Jenna — University of Wisconsin
Anne — University of California

OneClass has allowed me to catch up with my most difficult course! #lifesaver

Anne — University of California
Description
Dissociative Disorders The Dissociation Continuum Dissociation – a disruption in the usually integrated functions of consciousness, memory, identity, or perception Mild dissociation is very common - E.g., déjà vu, absorption, daydreaming Continuum of “dissociative ability” Related to hypnotic susceptibility, absorption Dissociative Experiences Scale (DES) Can become a defense mechanism – way of coping with stress, trauma Historical rise and fall of interesthin dissociation Late 1800s – high; early 20 C – low; 1980s, 90s – high Today – low again (over-diagnosis, exaggerated claims, false memory syndrome). Dissociative Disorders in DSM-IV Dissociative Amnesia Dissociative Fugue Dissociative Identity Disorder (DID) (previously Multiple Personality Disorder) Depersonalization Disorder Dissociative Amnesia Person is unable to recall important personal information Amnesia is usually for autobiographical memory – not general knowledge Usually after a very stressful experience Information is not permanently lost Often remits spontaneously after a few days But can occasionally become chronic or recurrent Ct. organic amnesia Types of Amnesia Localized – loss of memory for circumscribed period of time Selective – some but not all events during specific time period Generalized – loss of memory for entire life Continuous – loss of memories subsequent to a specific time up to the present Systematized – specific categories of information (eg, particular person). Dissociative Fugue Sudden, unexpected travel away from home with inability to recall one’s past Confusion about personal identity or assumption of a new identity – otherwise seems normal Can last for hours to months to years Usually associated with life stress Typically spontaneous, rapid recovery Relatively rare (0.2 %) Often comorbid with mood disorders, substance abuse Case of Jeff Ingram – video Depersonalization Disorder Frequently feeling detached from one’s mental processes or body Feeling like “in a dream” Reality testing remains intact Significant distress or impairment Numbness, “derealization” A common experience at mild levels (50%) Adolescence; life-threatening trauma; life stress Also common symptom of other disorders – eg, PTSD, depression, panic disorder Somatoform Disorders Somatoform Disorders Soma = body Physical symptoms not explained by a medical condition Different from: Psychophysiological conditions (“psychosomatic” illnesses) Malingering Factitious Disorders Thorough medical examination essential for diagnosis Medically unexplained syndromes are very common – although rarely diagnosed as somatoform disorders unless evidence of contributing psychological factors Somatoform Disorders in DSM-IV Conversion disorder Somatization disorder Pain disorder Body dysmorphic disorder Hypochondriasis Conversion Disorder Freud – “conversion hysteria” One or more symptoms affecting voluntary motor or sensory function Symptoms mimic a neurological condition E.g., blindness, paralysis, seizures, visceral Failure to conform to physiological patterns Often stress-related “la belle indifférence” – once thought to be a diagnostic sign Lifetime prevalence between 1% and 3% Women > Men Late childhood to early adulthood A case of conversion disorder in a dog (!) Should it be classified as a dissociative disorder? Somatization Disorder Numerous different physical complaints over several years (beginning before age 30) affecting multiple organ areas 4 pain symptoms in different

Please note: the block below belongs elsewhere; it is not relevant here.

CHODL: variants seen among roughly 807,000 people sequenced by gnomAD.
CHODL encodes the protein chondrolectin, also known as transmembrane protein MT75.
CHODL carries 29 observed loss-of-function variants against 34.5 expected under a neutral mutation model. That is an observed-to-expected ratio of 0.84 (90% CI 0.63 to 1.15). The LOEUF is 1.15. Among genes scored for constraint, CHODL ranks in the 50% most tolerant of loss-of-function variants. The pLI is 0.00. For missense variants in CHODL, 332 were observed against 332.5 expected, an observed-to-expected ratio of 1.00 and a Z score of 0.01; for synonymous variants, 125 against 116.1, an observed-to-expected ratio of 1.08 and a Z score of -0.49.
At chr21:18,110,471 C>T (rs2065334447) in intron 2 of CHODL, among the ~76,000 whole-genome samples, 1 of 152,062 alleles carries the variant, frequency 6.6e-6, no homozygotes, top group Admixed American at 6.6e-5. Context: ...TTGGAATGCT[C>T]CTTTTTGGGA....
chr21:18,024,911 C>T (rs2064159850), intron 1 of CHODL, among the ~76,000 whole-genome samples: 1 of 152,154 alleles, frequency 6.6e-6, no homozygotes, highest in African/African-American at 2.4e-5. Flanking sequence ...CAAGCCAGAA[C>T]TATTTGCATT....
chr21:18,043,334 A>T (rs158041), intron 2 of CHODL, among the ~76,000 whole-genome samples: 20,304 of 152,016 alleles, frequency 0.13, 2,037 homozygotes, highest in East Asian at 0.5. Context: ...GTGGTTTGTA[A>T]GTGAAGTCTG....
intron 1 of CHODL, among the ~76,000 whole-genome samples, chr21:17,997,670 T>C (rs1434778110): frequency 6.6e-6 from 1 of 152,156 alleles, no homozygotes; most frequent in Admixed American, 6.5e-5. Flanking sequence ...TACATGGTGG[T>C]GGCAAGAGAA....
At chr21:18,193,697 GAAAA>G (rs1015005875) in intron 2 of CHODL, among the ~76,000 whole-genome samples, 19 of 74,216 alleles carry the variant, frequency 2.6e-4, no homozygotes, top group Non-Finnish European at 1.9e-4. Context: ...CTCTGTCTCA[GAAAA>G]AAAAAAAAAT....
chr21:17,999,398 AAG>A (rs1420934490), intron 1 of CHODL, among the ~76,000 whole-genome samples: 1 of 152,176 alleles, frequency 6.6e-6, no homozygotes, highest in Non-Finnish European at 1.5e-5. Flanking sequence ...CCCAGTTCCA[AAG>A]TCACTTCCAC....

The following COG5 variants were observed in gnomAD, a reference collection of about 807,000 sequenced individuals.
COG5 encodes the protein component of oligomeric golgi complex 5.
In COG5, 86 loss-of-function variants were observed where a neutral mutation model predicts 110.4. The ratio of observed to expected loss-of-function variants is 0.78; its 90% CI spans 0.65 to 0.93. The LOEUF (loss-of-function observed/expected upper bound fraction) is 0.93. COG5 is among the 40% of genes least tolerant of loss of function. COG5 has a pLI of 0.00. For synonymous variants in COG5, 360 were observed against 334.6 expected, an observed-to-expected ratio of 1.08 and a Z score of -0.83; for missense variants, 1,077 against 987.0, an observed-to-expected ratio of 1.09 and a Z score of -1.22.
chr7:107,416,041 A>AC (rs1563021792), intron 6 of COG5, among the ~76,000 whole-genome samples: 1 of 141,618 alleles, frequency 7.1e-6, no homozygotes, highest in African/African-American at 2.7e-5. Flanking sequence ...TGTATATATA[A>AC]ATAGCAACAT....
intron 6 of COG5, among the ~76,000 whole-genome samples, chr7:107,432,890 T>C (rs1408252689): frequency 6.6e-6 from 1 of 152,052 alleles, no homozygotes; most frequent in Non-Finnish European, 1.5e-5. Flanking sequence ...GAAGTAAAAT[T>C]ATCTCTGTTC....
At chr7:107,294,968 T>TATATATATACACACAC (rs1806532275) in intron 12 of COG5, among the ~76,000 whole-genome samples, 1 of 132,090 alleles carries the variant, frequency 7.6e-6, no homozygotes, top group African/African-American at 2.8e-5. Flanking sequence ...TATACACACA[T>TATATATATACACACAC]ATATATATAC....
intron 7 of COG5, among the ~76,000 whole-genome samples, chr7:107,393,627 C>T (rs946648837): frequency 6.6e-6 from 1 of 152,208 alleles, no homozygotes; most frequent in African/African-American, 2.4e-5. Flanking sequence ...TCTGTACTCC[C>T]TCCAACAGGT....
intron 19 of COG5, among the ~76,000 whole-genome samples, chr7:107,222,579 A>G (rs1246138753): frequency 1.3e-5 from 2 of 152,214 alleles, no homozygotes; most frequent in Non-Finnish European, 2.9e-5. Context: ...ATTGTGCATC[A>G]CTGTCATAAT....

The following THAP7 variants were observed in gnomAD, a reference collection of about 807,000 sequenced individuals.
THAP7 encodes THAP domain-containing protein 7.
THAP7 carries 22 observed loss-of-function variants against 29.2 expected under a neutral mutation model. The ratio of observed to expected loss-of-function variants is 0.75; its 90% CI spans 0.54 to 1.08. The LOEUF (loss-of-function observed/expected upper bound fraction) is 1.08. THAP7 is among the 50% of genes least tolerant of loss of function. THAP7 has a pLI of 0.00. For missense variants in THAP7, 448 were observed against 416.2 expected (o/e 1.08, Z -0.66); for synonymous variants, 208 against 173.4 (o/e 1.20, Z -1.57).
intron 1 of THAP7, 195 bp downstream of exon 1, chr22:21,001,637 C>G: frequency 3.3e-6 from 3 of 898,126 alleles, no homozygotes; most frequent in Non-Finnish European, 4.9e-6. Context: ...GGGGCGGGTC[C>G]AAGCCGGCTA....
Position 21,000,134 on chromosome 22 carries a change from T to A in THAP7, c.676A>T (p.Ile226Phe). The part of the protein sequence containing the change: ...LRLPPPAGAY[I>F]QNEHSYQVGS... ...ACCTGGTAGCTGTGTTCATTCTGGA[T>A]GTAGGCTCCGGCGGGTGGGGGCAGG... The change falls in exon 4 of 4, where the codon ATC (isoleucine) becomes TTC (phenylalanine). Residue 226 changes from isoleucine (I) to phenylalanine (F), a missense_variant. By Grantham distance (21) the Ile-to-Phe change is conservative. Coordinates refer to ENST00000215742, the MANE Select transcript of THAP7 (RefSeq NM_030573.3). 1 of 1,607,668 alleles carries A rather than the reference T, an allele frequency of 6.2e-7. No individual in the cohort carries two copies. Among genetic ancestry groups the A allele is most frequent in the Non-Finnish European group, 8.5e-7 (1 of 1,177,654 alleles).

More Less
Unlock Document


Only pages 1-2 are available for preview. Some parts have been intentionally blurred.

Unlock Document
You're Reading a Preview

Unlock to view full version

Unlock Document

Log In


OR

Don't have an account?

Join OneClass

Access over 10 million pages of study
documents for 1.3 million courses.

Sign up

Join to view


OR

By registering, I agree to the Terms and Privacy Policies
Already have an account?
Just a few more details

So we can recommend you notes for your school.

Reset Password

Please enter below the email address you registered with and we will send you a link to reset your password.

Add your courses

Get notes from the top students in your class.


Submit